On the Farm
I know we have been planning Mark's poultry egg business for a while now. One thing that was in the back of my mind was maybe growing some sunflower seeds for the poultry. I actually did plant some black oil sunflower seeds specifically for the purpose in the spring. Unfortunately, I did not do a good job of marking where the black oil sunflowers were growing. When I went to harvest the cut flowers, I just took the black oil sunflowers too! Whoops!
A Brazilian study found increased egg weight in hens fed sunflower seeds. Its researchers stated that increasing levels of sunflower seeds in daily rations did not affect feed intake, feed conversion or yolk color.
|Example of black oil sunflower field and seeds|
|Sunflower showing seeds under stigma part of flower|
Taken from hunker.com: Sunflowers are known as composite flowers. The large flower head at the top of the stalk is often referred to as one flower but is actually hundreds of small flowers. The dark center is made up of disk flowers that have five brown petals fused together into a tubular shape. The male, stamen, and female, stigma, are both present in disk flowers. The stamen is composed of filament and pollen-producing anthers. The stigma houses the style, which receives the pollen and allows it to travel down to the ovary, where the unfertilized seeds, ovules, are located. This is the process of pollination that enables the flowers to produce seeds.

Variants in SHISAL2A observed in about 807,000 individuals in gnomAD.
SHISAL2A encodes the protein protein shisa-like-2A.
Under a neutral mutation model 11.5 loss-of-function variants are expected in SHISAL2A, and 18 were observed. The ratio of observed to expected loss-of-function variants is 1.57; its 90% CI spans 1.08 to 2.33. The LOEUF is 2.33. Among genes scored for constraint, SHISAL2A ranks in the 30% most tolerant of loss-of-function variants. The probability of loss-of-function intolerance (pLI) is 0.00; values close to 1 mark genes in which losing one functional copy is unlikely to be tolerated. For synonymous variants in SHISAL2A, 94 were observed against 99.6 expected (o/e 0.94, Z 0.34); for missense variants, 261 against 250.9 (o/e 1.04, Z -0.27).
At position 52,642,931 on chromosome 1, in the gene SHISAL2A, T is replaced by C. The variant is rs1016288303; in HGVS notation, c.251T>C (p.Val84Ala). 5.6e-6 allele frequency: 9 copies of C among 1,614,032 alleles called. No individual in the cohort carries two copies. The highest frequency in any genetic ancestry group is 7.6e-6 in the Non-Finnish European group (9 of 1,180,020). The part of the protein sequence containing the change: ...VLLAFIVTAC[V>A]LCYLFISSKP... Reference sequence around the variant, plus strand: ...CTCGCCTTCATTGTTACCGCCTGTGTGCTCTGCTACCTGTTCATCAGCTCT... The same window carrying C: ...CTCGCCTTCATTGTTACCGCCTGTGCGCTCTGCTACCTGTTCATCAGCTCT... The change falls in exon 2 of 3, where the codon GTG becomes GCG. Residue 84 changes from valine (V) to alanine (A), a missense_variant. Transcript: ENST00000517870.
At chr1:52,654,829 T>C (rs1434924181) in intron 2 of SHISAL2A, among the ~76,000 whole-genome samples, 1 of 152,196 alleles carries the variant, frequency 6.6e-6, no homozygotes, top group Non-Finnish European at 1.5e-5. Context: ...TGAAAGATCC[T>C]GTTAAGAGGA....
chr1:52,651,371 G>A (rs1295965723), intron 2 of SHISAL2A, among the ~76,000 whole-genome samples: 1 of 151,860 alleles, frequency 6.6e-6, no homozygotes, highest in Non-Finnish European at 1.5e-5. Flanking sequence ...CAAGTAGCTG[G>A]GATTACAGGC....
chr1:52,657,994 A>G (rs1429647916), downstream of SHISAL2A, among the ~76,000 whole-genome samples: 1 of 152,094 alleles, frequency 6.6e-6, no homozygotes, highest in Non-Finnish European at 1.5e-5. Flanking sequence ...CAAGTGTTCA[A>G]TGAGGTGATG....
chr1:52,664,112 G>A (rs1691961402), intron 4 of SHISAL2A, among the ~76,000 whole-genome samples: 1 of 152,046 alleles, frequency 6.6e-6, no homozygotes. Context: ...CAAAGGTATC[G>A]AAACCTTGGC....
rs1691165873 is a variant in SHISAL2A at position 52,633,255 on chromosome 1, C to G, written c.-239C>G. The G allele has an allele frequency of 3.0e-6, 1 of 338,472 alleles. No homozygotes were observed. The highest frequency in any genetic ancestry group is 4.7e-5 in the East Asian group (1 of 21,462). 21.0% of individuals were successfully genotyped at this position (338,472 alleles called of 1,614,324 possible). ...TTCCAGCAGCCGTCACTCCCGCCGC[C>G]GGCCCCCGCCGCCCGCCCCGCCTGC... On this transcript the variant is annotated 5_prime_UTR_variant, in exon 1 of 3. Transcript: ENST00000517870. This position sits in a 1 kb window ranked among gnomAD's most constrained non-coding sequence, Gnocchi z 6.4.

Pollenless sunflowers do not have stamen to produce pollen. HOWEVER, the black oil sunflowers that I had planted were NOT pollenless. I am thinking that the pollen from the black oil sunflowers was used to fertilize the other flowers. There are always tons of pollinators buzzing around the sunflowers.
As the sunflowers started to dry down, I cut off the heads to dry out. At first, I thought I would just dry out the heads and store them. This still might work if I can get them dried down enough. The struggle is to get them dried down enough so when you store them, they will not mold.
More benefits of feeding sunflower seeds to poultry:
Taken from beginningfarmer.org: Since sunflower seeds contain oil, they are a great source of fat and will therefore add a little weight to birds. This is a good thing going into winter because this extra fat will translate into warmth when temperatures drop. Another physical change will come in the form of feathers. The very same oil that adds fat to their diet will make feathers glossy and shiny.
I have read that sunflower seeds should not be more than 1/3 of the hens diet. We definitely won't have enough to feed that much but we should have some to feed a little each day as a treat.
Next summer, I may plant some of those big mammoth sunflowers so we can get LOTS of sunflower seeds!!!